Mental Health First Aid program
One of Monash Residential Services' mission and goals is to provide and develop an environment within each location on campus which provides care, support and enrichment for the residential community in academic, cultural, personal, social and recreational matters.
In keeping with these goals, MRS instituted Mental Health First Aid (MHFA) training into its core training programs in 2007 and invited all MRS general staff, residential support staff and student volunteers (i.e., Resident Advisors) to become trained. Training became mandatory in 2008 for all MRS general staff and MRS Residential Support Team members (Resident Advisors, College Heads, Deputy College Heads and Residential Support Assistants).
In recognition of the value of the MHFA program, a number of members of the Residential Support Team staff are qualified MHFA instructors and present the course.
MRS is very proud of the impact our mental health program have had on our entire communities, with residents overwhelmingly feeling that living on campus has improved their mental health and wellbeing.
In 2012 MRS added the safeTALK suicide alertness to the training regime. safeTALK assists participants in become more aware of the signs of suicidal thoughts, and help them develop skills to approach people and connect them with appropriate services.
|Cohort||Numbers trained in MHFA since 2007|
|Numbers trained in safeTALK since 2012|
Figures correct as at December 2020
Overview of MHFA program
Each year 1 in 5 Australians will experience a mental illness. Many people are not knowledgeable or confident to offer assistance. Physical first aid is accepted and widespread in our community, however most do not cover mental health problems. This ignorance adds to stigmatising attitudes and prevents people from seeking help early and seeking the best sort of help. It also prevents people providing appropriate support to colleagues and family members, simply because they do not know how. Mental Health First Aid (MHFA) teaches people the skills to help someone who they're concerned about.
The Mental Health First Aid Program was developed in 2000 at the centre for Mental Health Research at the Australian National University by Betty Kitchener and Professor Tony Jorm following the model that has been successfully applied in many countries with conventional first aid. Since this time, MHFA training has spread to every state and territory in Australia and internationally, currently to over 25 countries.
Visit the MHFA Australia website for more information.
The program has been well evaluated and found to be effective in improving mental health literacy, reducing stigma and increasing helping behaviours. First Aid is the help given to an injured person before medical treatment can be obtained. Mental Health First Aid is the initial help given to someone developing a mental health problem or in a mental health crisis. The first aid is given until appropriate professional treatment is received or until the crisis resolves.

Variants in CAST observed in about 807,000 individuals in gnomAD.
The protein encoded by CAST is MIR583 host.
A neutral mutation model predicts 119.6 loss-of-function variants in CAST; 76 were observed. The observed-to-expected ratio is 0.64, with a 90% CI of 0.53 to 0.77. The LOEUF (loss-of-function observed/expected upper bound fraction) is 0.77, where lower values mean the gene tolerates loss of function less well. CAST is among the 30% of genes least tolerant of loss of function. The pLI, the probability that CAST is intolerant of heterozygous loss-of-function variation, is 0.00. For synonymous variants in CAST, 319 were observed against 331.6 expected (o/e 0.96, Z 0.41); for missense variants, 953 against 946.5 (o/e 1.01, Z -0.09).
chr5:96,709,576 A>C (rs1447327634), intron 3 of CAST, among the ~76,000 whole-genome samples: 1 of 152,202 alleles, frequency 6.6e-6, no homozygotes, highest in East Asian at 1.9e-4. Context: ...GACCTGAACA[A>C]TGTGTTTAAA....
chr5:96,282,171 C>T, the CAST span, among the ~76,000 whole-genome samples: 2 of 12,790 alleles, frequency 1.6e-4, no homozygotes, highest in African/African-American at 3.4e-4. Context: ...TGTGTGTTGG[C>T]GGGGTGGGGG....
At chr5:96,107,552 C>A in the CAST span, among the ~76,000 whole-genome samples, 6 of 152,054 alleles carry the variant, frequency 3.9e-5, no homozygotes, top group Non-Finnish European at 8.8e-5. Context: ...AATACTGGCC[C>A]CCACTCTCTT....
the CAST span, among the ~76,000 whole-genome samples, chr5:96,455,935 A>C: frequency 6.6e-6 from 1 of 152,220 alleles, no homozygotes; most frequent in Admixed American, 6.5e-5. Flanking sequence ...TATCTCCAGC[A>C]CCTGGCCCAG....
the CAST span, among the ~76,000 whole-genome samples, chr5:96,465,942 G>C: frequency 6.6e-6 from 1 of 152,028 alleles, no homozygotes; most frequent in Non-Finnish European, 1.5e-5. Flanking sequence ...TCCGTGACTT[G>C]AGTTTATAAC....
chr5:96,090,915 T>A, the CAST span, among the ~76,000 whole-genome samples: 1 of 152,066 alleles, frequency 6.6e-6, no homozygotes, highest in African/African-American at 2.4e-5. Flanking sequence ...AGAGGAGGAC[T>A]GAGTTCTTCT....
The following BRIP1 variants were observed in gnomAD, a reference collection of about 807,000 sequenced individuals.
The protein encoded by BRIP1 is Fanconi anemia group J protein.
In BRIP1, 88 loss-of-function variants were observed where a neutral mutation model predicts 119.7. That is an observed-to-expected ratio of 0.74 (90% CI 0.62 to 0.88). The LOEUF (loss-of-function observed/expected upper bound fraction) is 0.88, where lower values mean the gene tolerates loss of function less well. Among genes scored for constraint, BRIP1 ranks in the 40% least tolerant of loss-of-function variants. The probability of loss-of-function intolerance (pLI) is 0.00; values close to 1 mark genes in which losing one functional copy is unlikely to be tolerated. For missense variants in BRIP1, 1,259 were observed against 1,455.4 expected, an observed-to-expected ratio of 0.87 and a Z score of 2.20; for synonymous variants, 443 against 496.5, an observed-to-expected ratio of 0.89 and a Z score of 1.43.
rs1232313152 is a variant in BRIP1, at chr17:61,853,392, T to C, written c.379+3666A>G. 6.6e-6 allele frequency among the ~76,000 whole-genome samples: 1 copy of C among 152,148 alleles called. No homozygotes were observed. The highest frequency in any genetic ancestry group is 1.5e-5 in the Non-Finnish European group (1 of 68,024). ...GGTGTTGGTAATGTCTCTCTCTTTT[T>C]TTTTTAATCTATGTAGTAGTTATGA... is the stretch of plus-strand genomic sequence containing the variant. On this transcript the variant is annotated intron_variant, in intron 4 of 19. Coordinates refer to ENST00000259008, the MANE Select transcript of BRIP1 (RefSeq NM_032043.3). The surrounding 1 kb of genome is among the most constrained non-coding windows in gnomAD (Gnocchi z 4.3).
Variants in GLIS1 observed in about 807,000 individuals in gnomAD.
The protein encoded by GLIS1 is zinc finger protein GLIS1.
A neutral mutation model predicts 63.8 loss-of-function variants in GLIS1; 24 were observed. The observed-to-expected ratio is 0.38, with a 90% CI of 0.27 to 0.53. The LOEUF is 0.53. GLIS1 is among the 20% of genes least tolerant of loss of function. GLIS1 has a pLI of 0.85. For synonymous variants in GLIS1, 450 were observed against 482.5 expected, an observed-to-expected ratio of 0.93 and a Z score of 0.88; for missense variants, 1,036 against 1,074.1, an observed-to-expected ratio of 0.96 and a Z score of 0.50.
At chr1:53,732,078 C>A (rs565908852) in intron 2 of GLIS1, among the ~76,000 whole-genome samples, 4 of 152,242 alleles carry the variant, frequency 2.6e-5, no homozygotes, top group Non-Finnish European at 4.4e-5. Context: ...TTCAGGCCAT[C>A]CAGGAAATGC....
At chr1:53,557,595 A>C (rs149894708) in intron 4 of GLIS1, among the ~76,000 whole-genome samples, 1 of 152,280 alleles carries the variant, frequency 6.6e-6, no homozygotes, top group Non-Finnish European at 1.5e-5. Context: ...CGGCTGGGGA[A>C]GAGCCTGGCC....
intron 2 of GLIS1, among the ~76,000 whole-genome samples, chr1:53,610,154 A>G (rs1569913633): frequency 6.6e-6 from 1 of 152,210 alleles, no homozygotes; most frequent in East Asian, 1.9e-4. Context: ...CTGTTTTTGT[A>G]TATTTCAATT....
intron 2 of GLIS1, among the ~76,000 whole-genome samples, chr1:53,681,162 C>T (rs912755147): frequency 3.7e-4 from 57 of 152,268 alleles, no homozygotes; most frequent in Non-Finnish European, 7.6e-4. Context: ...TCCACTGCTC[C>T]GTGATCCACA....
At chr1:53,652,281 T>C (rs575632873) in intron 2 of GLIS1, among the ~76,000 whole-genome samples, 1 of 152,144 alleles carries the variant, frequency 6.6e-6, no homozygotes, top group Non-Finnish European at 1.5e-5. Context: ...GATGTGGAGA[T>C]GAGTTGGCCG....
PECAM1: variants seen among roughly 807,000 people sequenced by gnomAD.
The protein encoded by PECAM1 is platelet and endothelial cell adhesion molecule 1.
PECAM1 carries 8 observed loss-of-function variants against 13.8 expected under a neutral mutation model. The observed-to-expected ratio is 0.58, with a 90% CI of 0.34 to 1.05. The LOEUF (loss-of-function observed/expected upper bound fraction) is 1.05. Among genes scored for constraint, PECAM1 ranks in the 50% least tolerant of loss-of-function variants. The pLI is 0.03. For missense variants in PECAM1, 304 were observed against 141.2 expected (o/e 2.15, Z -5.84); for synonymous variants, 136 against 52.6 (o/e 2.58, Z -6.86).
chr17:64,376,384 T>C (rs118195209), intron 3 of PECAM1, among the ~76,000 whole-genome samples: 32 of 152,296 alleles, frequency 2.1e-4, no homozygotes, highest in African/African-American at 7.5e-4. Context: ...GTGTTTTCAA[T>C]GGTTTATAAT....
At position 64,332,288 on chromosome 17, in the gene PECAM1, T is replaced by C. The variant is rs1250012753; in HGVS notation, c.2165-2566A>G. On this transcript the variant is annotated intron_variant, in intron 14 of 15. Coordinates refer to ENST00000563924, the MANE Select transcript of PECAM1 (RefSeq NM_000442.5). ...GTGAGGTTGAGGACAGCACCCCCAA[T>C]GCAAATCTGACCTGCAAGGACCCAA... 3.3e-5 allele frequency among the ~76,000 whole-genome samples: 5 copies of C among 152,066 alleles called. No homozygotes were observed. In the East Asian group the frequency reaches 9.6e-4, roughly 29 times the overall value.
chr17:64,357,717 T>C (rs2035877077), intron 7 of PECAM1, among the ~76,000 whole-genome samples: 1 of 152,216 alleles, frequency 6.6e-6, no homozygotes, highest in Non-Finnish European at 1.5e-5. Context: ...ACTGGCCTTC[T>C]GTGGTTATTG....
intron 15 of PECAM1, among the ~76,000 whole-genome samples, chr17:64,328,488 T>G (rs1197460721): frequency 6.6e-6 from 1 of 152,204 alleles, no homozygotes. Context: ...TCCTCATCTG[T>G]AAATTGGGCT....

There are many reasons why people benefit from Mental Health First Aid Training:
- Mental health problems are common
- There is a stigma associated with mental health problems
- Many people do not recognise mental health problems
- Professional help is not always available
- Many people do not know how to help
The course covers helping people in mental health crisis situations and/or in the early stages of mental health problems. Crisis situations covered are:
- Suicidal behaviours
- Acute stress reaction
- Panic attacks
- Acute psychotic behaviour
Other mental health problems covered are:
- Anxiety disorders
- Bipolar disorder
Participants will learn the signs and symptoms of these mental health problems, where and how to get help and what sort of help has been shown by research to be effective.
Overview of safeTALK program
SafeTALK is an internationally recognised program which increases suicide alertness and helps you become active in preventing suicide and promoting life. Those who complete the program will learn how to recognise and engage others who might be having thoughts of suicide and to connect them with further suicide intervention help.
Most people with thoughts of suicide, either directly or indirectly invite help to stay safe. Alert helpers know how to identify and work with these opportunities to help protect life. SafeTALK stresses safety whilst challenging beliefs that inhibit open talk about suicide.
1. Learn skills to contribute to building a suicide safer community
2. Challenge attitudes that inhibit open talk about suicide
3. Notice and respond to situations where thoughts of suicide might be present, and
4. Move quickly to connect the person with thoughts of suicide with someone trained in suicide intervention.